Tuesday, April 28, 2009

Take note

After the enjoyable interruptions of the Book Fair, I am now back at work, although work of the lightest kind. I intend to start drafting in earnest at the start of June. Until then I am only reading, pacing the garden and making notes in a small hardback notebook which a friend gave me for my birthday.

The notebook is a great boon. It goes with me almost everywhere, and makes a welcome change from the bundles of scrap paper that I habitually use for scribbling down my inchoate thoughts. In our house all scrap paper is sourced from the stacks of redundant manuscripts and page proofs that lie around the periphery of my study, reminding me of how much time has gone by, and constituting a considerable fire hazard. Of course, the notebook notes are later sifted, assessed, roughly organised and written up on screen, so that I can refer to them easily when I need to. This I tend to do last thing at night, with musical accompaniment.

Meanwhile Mareike, our German au pair, having finally read her way through the Stephanie Meyer quartet, is now reading something quite different, of mine. It is at present rather short (lucky for her) – a mere 44,000 words – almost skeletal in its economy, which is in some ways the point. I will almost certainly expand it, but before I do, I’m interested to see how it plays in its anorexic state, especially among younger people. That’s why poor Mareike is getting the first draft. I don’t know many 20-somethings who like to read; my friends are a bit too old, and their kids aren’t nearly old enough. If the skeletal version plays well, then I will just have to write something else to go with it (sometime, Heaven knows when); because I’m told there is considerable resistance in the market for novels under 60,000 words. A case of giving value for money, I suppose, if rather an unsophisticated one.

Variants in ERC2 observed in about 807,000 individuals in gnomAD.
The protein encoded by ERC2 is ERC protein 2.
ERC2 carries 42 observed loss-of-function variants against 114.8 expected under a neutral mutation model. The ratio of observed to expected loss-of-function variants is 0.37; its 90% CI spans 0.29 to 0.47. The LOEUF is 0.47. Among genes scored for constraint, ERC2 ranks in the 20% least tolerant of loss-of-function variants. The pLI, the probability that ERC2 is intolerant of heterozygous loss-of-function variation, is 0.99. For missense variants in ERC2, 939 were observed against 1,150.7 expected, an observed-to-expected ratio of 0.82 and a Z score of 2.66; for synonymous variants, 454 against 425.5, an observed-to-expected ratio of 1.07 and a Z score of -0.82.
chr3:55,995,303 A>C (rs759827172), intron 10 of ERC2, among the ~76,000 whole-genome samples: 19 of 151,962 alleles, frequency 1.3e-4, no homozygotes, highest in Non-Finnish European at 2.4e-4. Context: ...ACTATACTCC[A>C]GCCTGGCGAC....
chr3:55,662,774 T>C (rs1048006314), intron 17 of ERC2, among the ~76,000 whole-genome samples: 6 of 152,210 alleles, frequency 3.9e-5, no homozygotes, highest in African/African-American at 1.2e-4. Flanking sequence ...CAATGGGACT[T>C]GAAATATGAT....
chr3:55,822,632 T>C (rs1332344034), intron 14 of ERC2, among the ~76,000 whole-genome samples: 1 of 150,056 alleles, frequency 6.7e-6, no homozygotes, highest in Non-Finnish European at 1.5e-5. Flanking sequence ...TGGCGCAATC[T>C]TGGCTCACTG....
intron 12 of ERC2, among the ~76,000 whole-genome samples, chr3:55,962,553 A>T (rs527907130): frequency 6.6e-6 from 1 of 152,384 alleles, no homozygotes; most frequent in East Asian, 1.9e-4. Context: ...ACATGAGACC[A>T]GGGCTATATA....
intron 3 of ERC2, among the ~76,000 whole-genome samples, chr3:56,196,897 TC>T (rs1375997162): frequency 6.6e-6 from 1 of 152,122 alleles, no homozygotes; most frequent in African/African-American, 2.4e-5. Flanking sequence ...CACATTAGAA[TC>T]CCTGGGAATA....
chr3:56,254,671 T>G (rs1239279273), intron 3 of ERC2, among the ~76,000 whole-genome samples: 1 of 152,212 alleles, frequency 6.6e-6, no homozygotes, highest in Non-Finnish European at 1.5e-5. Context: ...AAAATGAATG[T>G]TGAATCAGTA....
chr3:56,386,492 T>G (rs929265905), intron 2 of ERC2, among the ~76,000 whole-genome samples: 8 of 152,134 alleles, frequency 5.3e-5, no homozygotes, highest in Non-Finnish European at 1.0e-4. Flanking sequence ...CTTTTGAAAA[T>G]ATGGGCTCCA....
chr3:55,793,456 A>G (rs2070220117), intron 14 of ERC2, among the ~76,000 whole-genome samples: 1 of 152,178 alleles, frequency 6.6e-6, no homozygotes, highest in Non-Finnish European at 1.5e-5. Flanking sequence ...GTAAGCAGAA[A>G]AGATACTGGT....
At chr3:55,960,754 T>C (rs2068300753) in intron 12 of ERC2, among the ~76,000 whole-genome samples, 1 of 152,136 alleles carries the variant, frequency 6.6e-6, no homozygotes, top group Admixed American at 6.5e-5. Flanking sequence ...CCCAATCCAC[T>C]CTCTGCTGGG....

Monday, April 20, 2009

Dutch courage

I can’t say yet if this year’s Book Fair will bring me any financial benefits, but it has at least brought me two very enjoyable lunches, today’s being in Chelsea with the renowned and charming Marga de Boer of Dutch publishers Luitingh-Sijthoff. As well as being one of Holland’s most influential editors, it turns out Marga is also a keen ice-skater and has a formidable knowledge of both Latin and Greek. Not for the first time this week, I find myself feeling a little like a cave-dwelling Philistine next to my host.